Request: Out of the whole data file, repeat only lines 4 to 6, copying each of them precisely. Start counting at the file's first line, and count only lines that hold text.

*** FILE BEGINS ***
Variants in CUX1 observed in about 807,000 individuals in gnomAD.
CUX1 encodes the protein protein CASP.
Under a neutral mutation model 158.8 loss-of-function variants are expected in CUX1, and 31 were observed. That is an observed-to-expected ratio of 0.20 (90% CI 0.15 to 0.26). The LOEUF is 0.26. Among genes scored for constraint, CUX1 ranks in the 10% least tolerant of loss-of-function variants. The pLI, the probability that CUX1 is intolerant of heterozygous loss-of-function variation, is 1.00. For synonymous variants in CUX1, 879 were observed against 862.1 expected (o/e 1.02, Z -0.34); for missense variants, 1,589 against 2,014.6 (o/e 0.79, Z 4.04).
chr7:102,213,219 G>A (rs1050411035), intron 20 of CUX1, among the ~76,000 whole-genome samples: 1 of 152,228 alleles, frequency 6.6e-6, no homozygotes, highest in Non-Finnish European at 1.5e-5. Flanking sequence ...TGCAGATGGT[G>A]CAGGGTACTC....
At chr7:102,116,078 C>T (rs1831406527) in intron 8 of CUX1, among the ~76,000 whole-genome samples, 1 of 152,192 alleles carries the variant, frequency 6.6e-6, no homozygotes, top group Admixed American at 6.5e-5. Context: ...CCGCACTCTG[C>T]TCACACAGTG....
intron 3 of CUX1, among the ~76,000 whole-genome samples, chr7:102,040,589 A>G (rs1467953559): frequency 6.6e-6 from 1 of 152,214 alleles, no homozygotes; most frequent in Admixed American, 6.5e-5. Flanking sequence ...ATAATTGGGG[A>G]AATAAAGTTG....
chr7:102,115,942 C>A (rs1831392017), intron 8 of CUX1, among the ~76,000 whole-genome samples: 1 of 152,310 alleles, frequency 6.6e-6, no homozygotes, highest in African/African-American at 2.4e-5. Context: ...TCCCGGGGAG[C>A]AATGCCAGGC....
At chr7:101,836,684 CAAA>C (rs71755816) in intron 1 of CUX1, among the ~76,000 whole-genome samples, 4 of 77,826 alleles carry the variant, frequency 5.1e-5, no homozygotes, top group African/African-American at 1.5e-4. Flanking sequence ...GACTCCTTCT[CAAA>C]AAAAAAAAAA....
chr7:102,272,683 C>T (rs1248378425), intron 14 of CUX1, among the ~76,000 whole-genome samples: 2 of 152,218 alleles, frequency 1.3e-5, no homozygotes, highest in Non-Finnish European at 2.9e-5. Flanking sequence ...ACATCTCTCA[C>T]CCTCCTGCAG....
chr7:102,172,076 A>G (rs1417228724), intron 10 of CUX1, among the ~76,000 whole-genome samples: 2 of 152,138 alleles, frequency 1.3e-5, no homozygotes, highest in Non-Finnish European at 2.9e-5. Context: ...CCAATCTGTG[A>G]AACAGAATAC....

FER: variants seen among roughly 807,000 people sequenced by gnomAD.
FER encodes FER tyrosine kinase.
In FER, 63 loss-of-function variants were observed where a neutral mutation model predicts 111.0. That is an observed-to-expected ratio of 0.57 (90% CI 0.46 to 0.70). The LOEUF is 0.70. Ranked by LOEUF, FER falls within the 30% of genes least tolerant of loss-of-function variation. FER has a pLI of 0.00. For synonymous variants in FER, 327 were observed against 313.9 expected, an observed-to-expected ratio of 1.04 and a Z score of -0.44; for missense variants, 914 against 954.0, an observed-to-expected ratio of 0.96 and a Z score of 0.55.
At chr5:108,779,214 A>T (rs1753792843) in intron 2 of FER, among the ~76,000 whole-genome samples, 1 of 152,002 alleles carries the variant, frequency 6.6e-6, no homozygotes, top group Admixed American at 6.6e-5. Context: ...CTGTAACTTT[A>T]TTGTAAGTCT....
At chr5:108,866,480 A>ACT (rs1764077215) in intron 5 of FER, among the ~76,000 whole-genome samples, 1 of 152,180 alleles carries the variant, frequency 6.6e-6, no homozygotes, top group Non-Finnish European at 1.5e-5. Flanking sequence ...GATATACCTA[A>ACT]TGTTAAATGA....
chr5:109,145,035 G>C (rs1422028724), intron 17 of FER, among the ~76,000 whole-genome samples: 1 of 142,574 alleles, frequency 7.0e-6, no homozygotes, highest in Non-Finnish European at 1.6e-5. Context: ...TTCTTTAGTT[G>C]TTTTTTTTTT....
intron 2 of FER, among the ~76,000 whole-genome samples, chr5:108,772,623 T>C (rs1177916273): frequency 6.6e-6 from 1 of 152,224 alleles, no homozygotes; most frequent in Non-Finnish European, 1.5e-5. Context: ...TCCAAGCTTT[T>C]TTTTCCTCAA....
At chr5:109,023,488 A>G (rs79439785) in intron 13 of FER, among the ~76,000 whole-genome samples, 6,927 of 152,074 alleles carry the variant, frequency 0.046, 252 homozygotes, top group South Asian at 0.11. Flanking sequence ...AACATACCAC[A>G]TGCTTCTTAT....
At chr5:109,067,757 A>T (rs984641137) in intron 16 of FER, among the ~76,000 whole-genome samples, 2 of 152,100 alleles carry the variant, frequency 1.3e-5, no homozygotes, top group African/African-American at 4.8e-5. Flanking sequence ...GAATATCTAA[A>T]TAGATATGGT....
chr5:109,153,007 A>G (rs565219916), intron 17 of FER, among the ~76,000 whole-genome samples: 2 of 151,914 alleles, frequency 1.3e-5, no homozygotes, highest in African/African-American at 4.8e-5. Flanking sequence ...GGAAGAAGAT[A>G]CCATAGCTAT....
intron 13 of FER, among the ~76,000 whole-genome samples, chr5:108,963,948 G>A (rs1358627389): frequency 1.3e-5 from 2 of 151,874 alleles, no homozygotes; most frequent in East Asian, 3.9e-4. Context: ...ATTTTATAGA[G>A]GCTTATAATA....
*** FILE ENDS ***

chr7:102,213,219 G>A (rs1050411035), intron 20 of CUX1, among the ~76,000 whole-genome samples: 1 of 152,228 alleles, frequency 6.6e-6, no homozygotes, highest in Non-Finnish European at 1.5e-5. Flanking sequence ...TGCAGATGGT[G>A]CAGGGTACTC....
At chr7:102,116,078 C>T (rs1831406527) in intron 8 of CUX1, among the ~76,000 whole-genome samples, 1 of 152,192 alleles carries the variant, frequency 6.6e-6, no homozygotes, top group Admixed American at 6.5e-5. Context: ...CCGCACTCTG[C>T]TCACACAGTG....
intron 3 of CUX1, among the ~76,000 whole-genome samples, chr7:102,040,589 A>G (rs1467953559): frequency 6.6e-6 from 1 of 152,214 alleles, no homozygotes; most frequent in Admixed American, 6.5e-5. Flanking sequence ...ATAATTGGGG[A>G]AATAAAGTTG....